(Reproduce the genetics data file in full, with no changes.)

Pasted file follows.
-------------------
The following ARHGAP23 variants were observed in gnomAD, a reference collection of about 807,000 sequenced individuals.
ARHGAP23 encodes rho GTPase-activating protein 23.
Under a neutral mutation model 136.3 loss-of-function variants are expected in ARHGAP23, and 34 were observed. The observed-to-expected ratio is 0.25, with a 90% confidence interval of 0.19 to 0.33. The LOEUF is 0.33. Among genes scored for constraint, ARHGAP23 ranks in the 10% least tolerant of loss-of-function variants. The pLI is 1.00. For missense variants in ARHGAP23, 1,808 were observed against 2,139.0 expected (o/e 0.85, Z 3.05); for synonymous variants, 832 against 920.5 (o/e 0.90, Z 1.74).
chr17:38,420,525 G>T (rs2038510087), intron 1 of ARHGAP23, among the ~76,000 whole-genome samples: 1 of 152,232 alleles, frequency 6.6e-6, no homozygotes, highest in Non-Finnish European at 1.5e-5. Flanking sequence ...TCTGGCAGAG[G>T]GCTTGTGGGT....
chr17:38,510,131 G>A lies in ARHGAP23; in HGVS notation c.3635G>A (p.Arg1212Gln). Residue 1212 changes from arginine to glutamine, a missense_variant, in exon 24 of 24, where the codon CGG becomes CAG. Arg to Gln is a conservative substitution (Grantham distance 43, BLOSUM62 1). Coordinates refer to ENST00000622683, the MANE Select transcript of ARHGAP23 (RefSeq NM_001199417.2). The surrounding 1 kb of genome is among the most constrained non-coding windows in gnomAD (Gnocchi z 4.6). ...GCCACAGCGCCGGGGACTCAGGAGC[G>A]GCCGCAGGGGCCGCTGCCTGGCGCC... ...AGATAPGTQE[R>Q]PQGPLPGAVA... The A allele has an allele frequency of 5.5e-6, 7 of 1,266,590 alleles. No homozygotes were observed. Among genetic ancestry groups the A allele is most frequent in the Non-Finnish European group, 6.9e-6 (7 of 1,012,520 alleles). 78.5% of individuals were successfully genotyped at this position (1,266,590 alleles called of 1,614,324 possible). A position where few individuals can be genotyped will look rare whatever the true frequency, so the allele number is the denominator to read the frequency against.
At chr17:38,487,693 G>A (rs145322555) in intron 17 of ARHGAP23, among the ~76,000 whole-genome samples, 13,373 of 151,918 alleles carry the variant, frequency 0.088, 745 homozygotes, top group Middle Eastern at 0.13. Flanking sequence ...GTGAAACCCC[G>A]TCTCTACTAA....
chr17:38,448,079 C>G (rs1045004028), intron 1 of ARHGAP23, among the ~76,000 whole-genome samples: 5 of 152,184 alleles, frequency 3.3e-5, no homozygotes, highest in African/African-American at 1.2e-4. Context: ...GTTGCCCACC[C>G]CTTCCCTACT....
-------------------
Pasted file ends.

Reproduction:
The following ARHGAP23 variants were observed in gnomAD, a reference collection of about 807,000 sequenced individuals.
ARHGAP23 encodes rho GTPase-activating protein 23.
Under a neutral mutation model 136.3 loss-of-function variants are expected in ARHGAP23, and 34 were observed. The observed-to-expected ratio is 0.25, with a 90% confidence interval of 0.19 to 0.33. The LOEUF is 0.33. Among genes scored for constraint, ARHGAP23 ranks in the 10% least tolerant of loss-of-function variants. The pLI is 1.00. For missense variants in ARHGAP23, 1,808 were observed against 2,139.0 expected (o/e 0.85, Z 3.05); for synonymous variants, 832 against 920.5 (o/e 0.90, Z 1.74).
chr17:38,420,525 G>T (rs2038510087), intron 1 of ARHGAP23, among the ~76,000 whole-genome samples: 1 of 152,232 alleles, frequency 6.6e-6, no homozygotes, highest in Non-Finnish European at 1.5e-5. Flanking sequence ...TCTGGCAGAG[G>T]GCTTGTGGGT....
chr17:38,510,131 G>A lies in ARHGAP23; in HGVS notation c.3635G>A (p.Arg1212Gln). Residue 1212 changes from arginine to glutamine, a missense_variant, in exon 24 of 24, where the codon CGG becomes CAG. Arg to Gln is a conservative substitution (Grantham distance 43, BLOSUM62 1). Coordinates refer to ENST00000622683, the MANE Select transcript of ARHGAP23 (RefSeq NM_001199417.2). The surrounding 1 kb of genome is among the most constrained non-coding windows in gnomAD (Gnocchi z 4.6). ...GCCACAGCGCCGGGGACTCAGGAGC[G>A]GCCGCAGGGGCCGCTGCCTGGCGCC... ...AGATAPGTQE[R>Q]PQGPLPGAVA... The A allele has an allele frequency of 5.5e-6, 7 of 1,266,590 alleles. No homozygotes were observed. Among genetic ancestry groups the A allele is most frequent in the Non-Finnish European group, 6.9e-6 (7 of 1,012,520 alleles). 78.5% of individuals were successfully genotyped at this position (1,266,590 alleles called of 1,614,324 possible). A position where few individuals can be genotyped will look rare whatever the true frequency, so the allele number is the denominator to read the frequency against.
At chr17:38,487,693 G>A (rs145322555) in intron 17 of ARHGAP23, among the ~76,000 whole-genome samples, 13,373 of 151,918 alleles carry the variant, frequency 0.088, 745 homozygotes, top group Middle Eastern at 0.13. Flanking sequence ...GTGAAACCCC[G>A]TCTCTACTAA....
chr17:38,448,079 C>G (rs1045004028), intron 1 of ARHGAP23, among the ~76,000 whole-genome samples: 5 of 152,184 alleles, frequency 3.3e-5, no homozygotes, highest in African/African-American at 1.2e-4. Context: ...GTTGCCCACC[C>G]CTTCCCTACT....